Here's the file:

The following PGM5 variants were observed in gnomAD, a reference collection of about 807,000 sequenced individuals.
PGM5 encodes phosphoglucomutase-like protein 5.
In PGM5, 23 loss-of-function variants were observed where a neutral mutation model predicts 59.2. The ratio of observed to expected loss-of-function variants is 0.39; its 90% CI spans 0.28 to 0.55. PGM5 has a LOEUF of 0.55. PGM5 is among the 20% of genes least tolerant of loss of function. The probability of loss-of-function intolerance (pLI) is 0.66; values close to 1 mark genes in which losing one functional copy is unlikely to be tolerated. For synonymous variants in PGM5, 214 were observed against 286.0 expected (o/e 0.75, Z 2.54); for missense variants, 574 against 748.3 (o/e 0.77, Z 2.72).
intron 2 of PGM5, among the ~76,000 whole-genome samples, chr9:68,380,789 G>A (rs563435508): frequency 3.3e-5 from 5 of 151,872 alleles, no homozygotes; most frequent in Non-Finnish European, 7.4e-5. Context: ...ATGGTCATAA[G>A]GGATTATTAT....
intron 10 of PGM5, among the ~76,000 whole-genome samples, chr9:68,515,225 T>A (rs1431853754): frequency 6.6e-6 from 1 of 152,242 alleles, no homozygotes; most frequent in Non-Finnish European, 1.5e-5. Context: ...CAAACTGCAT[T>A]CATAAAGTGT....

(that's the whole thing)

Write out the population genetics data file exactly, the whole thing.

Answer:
The following PGM5 variants were observed in gnomAD, a reference collection of about 807,000 sequenced individuals.
PGM5 encodes phosphoglucomutase-like protein 5.
In PGM5, 23 loss-of-function variants were observed where a neutral mutation model predicts 59.2. The ratio of observed to expected loss-of-function variants is 0.39; its 90% CI spans 0.28 to 0.55. PGM5 has a LOEUF of 0.55. PGM5 is among the 20% of genes least tolerant of loss of function. The probability of loss-of-function intolerance (pLI) is 0.66; values close to 1 mark genes in which losing one functional copy is unlikely to be tolerated. For synonymous variants in PGM5, 214 were observed against 286.0 expected (o/e 0.75, Z 2.54); for missense variants, 574 against 748.3 (o/e 0.77, Z 2.72).
intron 2 of PGM5, among the ~76,000 whole-genome samples, chr9:68,380,789 G>A (rs563435508): frequency 3.3e-5 from 5 of 151,872 alleles, no homozygotes; most frequent in Non-Finnish European, 7.4e-5. Context: ...ATGGTCATAA[G>A]GGATTATTAT....
intron 10 of PGM5, among the ~76,000 whole-genome samples, chr9:68,515,225 T>A (rs1431853754): frequency 6.6e-6 from 1 of 152,242 alleles, no homozygotes; most frequent in Non-Finnish European, 1.5e-5. Context: ...CAAACTGCAT[T>A]CATAAAGTGT....